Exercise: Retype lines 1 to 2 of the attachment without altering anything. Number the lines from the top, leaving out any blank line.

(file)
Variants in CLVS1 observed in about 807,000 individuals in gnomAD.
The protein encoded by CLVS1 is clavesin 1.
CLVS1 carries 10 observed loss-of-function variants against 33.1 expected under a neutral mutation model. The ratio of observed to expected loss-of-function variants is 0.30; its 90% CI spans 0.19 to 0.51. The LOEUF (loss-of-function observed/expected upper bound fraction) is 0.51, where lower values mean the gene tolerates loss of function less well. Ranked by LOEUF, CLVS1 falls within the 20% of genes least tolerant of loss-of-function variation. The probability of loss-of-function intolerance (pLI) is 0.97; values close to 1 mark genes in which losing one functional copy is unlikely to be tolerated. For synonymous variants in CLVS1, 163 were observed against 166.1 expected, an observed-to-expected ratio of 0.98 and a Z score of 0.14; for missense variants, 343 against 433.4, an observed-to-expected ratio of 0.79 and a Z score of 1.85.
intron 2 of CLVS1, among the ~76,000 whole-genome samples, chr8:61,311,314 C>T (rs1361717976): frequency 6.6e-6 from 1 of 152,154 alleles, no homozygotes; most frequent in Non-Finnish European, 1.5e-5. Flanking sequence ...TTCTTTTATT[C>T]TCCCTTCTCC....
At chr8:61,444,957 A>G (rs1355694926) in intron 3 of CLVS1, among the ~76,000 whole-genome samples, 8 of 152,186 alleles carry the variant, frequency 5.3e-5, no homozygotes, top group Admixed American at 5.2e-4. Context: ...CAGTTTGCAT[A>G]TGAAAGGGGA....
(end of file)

Variants in CLVS1 observed in about 807,000 individuals in gnomAD.
The protein encoded by CLVS1 is clavesin 1.